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Skin Problems & Treatments Health Center

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The Link Between Rosacea and Alcohol

Booze Not a Cause but Can Trigger Flare-Ups; Red Wine Tops Problem List
WebMD Health News

Feb. 18, 2004 -- When a common skin condition's best-known patient is also the poster boy for excessive drinking, you know there's bound to be some unflattering associations. Thank you, W.C. Fields, for helping to pair rosacea and alcohol.

Not only is his reddish and bulbous nose a telltale sign of severe rosacea left untreated, but it has become synonymous with alcohol abuse. And that leaves many of the 14 million Americans with rosacea red-faced for a reason besides their skin condition.

"It's well established that alcohol does not cause rosacea and that this condition is not the result of excessive drinking," says John E. Wolf, MD, chairman of dermatology at Baylor College of Medicine. "But the popular perception is that it is. As a result, many rosacea patients suffer embarrassment and stigmatization because other people think their red nose and red face is caused by heavy drinking, even if they don't drink at all."

A Trigger, Not a Cause

Actually, there is evidence that rosacea (pronounced "roh-ZAY-sha") is caused by a genetic and an ethnic predisposition -- it runs in families, typically those of fair-skinned heritage such as Irish, English, Scandinavian, Scottish, and similar descents.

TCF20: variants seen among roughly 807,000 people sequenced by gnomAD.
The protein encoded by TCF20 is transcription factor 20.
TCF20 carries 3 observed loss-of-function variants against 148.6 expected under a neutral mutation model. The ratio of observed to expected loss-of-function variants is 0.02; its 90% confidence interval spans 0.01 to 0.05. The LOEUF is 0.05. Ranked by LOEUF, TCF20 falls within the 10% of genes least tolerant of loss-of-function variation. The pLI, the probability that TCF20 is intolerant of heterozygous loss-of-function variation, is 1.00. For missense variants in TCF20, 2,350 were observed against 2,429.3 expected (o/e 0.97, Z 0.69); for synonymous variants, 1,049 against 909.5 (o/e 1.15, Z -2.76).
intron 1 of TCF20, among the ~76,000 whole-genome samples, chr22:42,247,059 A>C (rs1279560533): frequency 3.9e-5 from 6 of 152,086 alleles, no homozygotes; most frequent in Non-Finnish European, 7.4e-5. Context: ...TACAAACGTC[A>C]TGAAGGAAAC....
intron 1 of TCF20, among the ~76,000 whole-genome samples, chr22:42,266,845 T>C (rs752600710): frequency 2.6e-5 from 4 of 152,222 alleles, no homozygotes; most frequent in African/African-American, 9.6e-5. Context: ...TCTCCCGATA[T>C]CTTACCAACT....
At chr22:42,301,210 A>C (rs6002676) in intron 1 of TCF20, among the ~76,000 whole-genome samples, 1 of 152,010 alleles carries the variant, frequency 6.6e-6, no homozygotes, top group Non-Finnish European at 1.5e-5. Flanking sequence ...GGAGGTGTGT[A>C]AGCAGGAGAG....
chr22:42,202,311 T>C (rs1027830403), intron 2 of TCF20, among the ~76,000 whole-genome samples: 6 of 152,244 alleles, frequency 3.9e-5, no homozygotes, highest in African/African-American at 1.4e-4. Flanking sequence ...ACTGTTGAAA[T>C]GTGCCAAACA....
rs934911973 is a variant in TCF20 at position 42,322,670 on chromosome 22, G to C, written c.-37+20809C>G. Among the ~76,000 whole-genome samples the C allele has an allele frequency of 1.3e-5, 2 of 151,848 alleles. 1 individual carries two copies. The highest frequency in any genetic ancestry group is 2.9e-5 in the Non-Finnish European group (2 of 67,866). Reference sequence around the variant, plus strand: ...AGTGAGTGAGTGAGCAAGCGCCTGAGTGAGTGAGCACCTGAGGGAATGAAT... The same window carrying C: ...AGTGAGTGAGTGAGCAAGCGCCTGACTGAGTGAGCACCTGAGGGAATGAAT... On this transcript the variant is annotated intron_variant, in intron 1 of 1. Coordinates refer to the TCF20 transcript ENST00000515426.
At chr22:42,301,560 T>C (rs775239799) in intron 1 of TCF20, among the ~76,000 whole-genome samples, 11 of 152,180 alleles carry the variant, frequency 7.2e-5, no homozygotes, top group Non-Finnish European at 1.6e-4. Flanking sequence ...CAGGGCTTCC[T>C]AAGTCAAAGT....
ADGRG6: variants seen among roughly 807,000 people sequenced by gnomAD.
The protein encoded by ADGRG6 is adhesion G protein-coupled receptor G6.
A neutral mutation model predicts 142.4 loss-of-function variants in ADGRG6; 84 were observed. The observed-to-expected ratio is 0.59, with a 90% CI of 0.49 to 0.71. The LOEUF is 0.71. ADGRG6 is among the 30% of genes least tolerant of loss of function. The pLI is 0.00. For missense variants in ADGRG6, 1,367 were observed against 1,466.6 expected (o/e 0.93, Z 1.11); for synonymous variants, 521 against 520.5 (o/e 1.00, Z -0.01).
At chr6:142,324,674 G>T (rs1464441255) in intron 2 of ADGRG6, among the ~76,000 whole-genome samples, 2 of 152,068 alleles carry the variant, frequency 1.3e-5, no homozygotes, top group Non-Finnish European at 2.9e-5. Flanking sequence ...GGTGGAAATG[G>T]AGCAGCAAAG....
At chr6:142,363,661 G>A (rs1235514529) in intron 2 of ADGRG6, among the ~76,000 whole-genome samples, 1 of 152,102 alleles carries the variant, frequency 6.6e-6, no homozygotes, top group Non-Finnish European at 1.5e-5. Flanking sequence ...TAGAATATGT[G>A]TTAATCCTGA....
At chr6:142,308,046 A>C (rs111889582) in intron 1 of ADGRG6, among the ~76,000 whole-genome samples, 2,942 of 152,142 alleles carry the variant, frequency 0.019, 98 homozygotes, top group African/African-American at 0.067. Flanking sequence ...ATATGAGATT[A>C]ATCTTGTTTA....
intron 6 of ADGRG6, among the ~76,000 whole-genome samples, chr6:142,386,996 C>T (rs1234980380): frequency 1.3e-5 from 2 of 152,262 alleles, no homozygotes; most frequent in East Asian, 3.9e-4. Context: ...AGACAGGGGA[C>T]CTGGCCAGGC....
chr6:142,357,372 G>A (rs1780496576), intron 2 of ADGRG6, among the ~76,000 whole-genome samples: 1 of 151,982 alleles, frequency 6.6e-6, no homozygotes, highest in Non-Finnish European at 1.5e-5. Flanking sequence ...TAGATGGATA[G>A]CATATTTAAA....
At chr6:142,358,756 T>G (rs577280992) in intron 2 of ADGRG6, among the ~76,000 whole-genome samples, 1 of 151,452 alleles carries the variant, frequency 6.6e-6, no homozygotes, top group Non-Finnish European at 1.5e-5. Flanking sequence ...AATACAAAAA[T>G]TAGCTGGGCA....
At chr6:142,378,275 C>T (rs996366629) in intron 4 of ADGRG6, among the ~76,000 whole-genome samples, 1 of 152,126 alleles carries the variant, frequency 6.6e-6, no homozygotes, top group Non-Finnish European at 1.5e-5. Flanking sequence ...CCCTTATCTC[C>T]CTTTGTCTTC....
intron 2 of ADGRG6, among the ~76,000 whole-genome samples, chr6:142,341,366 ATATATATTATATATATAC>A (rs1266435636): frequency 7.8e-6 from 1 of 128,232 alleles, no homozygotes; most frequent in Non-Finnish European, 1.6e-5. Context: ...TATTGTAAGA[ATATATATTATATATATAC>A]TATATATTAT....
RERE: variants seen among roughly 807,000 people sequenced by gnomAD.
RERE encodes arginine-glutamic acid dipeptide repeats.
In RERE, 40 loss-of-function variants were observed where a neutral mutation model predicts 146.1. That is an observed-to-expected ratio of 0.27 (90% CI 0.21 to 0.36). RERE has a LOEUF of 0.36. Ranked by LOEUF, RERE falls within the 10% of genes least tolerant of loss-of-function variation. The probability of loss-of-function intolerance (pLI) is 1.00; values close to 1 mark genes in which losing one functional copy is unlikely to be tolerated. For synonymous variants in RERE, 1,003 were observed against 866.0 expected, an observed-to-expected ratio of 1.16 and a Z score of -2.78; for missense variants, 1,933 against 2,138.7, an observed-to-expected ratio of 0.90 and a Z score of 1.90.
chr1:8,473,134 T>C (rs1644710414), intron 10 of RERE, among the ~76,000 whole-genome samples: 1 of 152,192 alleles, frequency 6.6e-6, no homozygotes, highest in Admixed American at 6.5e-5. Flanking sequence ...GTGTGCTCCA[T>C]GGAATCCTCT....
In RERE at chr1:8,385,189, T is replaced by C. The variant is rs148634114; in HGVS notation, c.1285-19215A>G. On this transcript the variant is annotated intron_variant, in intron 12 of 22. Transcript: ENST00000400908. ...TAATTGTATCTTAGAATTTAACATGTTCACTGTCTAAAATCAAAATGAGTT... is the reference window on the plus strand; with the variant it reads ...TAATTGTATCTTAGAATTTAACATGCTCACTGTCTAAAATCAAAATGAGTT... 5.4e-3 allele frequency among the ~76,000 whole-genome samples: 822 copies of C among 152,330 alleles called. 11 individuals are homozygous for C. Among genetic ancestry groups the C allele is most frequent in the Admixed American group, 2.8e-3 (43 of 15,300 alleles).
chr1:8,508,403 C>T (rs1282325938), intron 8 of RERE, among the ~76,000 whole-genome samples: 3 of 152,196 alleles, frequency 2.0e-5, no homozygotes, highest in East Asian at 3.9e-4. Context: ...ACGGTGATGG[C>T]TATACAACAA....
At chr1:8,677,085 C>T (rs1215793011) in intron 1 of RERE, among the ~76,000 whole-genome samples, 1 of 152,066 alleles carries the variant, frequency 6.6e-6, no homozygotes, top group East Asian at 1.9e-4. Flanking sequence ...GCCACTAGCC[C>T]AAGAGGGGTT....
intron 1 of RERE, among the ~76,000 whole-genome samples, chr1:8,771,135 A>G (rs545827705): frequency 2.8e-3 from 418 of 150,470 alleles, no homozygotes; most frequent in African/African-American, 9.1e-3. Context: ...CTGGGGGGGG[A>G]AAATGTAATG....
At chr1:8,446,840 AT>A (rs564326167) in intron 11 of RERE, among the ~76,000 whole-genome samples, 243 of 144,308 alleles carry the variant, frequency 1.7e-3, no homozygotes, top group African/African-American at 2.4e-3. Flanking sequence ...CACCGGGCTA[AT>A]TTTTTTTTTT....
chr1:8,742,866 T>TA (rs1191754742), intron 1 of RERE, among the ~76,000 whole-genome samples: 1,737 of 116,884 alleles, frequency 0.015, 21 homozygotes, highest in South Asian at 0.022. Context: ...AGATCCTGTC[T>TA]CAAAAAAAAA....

But alcohol is among the scores of different triggers that can prompt or aggravate rosacea flare-ups in some patients. While drinking causes fewer reactions than "the big three" -- sunlight, heat, and environmental stress -- a new survey shows that just one alcoholic drink can trigger problems in two of three patients.

And, according to the survey of 700 patients by the National Rosacea Society, some drinks are worse than others. The percentage of patients reporting a skin reaction after drinking:

  • Red wine, 76%
  • White wine, 56%
  • Beer, 41%
  • Champagne, 33%
  • Vodka, 33%
  • Tequila, 28%
  • Bourbon, gin, and rum, 24%
  • Scotch, 21%

Perhaps the most significant finding: Nearly nine in 10 patients say they now limit their consumption of alcohol because of their rosacea, and 90% of those say it has helped reduce flare-ups.

"It is important that the public does not wrongly and unfairly confuse the appearance of rosacea with heavy drinking," says Diane Thiboutot, MD, of the Penn State Milton S. Hershey Medical Center. "At the same time, in managing the disorder, alcohol should be recognized as among the many factors that can trigger or aggravate the condition."

Other triggers include some 20 different foods, including avocado, cheese, and eggplant; drinks such as coffee, tea, and hot cider; skin-care products; and even exercise.

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